Chicago Is In Deep Need Of A Student Bill Of Rights

Chicago Is In Deep Need Of A Student Bill Of Rights

Matthew Wilbourn

Chicago Is In Deep Need Of A Student Bill Of Rights

By: Matthew Wilbourn

Every year towards the end of the scholastic year, the Chicago school board officials review,  amend, or add codes and rules to the Student Code of Conduct. In the upcoming 2017-2018 school year, there is talk of adding a student “bill of rights” to the student handbook.

Historically the Supreme Court has made it clear that students do not “shed their constitutional rights at the schoolhouse gate.” Yet despite this precedent, CPS students, teachers, administrators, and staff have been provided with no clear guidance as to the constitutional protections that students maintain while at school.

This is where the problem occurs. Student conduct and constitutional rights put together have many gray areas. While the supreme court’s word would sound like the end all be all, Chicago has remained lackadaisical and hesitant in its approach on the subject. I Am all for a student bill of rights, and letting students know they have such rights would bridge gaps in student, teacher, and administration relations.

Other districts are different. In New York City, the citywide handbook on student discipline includes a three-page list of student rights. These fall under four main categories: “The Right to a Free Public School Education,” “The Right to Freedom of Expression and Person,” “The Right to Due Process,” and “Additional Rights of Students 18 and Over.”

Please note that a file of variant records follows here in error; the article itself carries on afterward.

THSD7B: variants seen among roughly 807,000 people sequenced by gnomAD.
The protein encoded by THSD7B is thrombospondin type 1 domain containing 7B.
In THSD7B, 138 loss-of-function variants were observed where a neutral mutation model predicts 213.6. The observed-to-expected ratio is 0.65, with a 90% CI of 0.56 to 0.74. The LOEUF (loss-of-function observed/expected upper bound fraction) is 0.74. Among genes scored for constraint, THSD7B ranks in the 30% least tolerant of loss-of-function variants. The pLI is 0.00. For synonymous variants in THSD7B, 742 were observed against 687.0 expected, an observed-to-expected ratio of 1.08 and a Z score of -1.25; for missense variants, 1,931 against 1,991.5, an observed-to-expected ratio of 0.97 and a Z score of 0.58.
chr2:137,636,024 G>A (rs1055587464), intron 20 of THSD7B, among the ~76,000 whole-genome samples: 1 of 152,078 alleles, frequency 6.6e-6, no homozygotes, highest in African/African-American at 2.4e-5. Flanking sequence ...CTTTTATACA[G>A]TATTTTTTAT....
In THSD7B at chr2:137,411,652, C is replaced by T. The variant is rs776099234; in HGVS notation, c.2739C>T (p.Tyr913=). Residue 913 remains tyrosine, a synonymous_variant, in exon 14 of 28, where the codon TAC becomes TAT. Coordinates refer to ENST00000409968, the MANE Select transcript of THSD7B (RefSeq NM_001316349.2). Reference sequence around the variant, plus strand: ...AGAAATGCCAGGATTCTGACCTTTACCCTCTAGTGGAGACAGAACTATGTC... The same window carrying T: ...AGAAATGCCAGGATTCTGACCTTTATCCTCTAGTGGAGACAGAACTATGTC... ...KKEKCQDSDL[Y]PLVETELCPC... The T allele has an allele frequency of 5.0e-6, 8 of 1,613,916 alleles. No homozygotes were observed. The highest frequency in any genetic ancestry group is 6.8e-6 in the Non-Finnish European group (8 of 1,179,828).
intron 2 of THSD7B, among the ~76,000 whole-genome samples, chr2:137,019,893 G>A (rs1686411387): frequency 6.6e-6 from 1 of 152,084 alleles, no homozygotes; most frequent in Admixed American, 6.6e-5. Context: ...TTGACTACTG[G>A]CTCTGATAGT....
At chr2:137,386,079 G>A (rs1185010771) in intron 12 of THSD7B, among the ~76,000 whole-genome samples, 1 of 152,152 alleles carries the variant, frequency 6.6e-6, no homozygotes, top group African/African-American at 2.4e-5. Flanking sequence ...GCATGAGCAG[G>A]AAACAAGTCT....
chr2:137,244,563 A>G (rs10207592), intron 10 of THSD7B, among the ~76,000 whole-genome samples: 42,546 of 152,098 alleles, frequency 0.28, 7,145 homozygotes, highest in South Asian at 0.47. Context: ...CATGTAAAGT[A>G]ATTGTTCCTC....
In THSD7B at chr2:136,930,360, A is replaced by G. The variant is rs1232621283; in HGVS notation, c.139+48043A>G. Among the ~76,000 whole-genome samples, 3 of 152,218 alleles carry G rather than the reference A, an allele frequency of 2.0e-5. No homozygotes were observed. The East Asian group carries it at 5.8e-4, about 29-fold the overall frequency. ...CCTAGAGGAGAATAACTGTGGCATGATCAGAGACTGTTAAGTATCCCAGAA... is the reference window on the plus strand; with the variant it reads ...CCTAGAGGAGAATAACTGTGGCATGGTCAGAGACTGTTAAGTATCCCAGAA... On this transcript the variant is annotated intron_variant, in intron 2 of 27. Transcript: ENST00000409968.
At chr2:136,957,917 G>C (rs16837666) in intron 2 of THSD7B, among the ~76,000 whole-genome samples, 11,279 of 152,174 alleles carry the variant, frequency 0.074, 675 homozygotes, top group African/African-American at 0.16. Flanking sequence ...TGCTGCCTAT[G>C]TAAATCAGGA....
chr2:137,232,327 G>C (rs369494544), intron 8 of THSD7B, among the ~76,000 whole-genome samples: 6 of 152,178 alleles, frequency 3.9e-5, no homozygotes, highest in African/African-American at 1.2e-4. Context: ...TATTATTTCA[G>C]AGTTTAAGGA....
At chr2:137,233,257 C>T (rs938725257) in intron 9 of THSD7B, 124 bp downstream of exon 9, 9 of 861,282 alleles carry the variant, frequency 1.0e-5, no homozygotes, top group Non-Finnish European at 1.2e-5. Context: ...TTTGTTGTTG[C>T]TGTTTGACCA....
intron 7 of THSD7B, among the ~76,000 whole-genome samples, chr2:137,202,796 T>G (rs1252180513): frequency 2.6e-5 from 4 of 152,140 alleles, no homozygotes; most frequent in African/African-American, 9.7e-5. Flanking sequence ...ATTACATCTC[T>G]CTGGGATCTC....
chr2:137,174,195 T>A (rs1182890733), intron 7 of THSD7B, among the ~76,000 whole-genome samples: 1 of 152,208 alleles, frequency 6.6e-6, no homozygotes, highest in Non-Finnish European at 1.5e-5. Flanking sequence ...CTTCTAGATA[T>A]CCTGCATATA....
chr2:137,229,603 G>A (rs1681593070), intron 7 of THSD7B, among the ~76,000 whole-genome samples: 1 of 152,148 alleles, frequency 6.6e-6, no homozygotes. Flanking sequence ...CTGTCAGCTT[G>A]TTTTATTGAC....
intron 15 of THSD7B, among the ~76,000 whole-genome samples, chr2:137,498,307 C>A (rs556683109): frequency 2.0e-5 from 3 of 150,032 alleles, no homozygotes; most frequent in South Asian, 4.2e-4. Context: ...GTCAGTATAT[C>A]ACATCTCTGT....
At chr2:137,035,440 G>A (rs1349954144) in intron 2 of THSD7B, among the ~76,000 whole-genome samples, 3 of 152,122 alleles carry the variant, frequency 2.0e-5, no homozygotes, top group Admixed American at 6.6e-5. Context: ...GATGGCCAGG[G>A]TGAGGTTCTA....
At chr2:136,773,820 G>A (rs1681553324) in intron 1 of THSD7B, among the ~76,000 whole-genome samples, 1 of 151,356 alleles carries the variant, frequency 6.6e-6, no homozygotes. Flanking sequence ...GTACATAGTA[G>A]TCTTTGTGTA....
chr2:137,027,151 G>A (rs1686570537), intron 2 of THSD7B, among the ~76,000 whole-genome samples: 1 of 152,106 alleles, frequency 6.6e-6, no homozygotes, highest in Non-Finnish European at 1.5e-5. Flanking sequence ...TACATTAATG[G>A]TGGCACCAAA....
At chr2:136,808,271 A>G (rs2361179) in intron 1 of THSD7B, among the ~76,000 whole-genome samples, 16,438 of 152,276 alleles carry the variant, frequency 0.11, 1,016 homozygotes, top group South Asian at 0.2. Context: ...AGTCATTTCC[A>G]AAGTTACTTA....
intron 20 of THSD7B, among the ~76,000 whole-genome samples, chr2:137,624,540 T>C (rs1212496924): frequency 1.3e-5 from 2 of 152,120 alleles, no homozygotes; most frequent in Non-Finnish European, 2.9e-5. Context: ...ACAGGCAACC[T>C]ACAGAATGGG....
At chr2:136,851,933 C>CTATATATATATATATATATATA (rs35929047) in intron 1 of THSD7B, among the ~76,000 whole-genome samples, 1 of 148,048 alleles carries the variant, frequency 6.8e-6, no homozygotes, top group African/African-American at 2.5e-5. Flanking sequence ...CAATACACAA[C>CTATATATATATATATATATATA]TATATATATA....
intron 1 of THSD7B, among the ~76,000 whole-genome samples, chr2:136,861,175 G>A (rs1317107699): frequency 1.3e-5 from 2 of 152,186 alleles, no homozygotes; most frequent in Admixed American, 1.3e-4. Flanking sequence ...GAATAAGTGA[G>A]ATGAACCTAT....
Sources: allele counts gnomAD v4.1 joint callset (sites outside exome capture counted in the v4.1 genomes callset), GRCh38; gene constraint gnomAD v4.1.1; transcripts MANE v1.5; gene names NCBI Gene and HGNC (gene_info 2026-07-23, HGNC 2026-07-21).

The listed rights under these categories include the rights to a safe and supportive learning environment; to participate in political, religious, and philosophical groups; to publish newspapers reflecting concerns and points of view about the school; to wear political buttons; to be free from indiscriminate searches; to decline to participate in the Pledge of Allegiance; to know possible dispositions and outcomes for specific offenses; and the right, for students over 18, to control all of their own school records.

. Having inalienable rights in the classroom would clear those grey areas, and provide a clear and solid foundation for students to voice themselves. Also this would improve student morale, making students feel like more than rightless bodies meant to produce work and would help overall self- esteem statistics.  

Finally, the addition of a bill of rights to the code of conduct would help to reframe the code as a document devoted to protecting students, not merely to disciplining them. The code of conduct is an intimidating document. It focuses overwhelmingly on the harsh punishments that students will receive if they misbehave.

Adding a list of individual liberties to the code, a student bill of rights would help to begin the school year by fostering a relationship of mutual respect between students and their schools.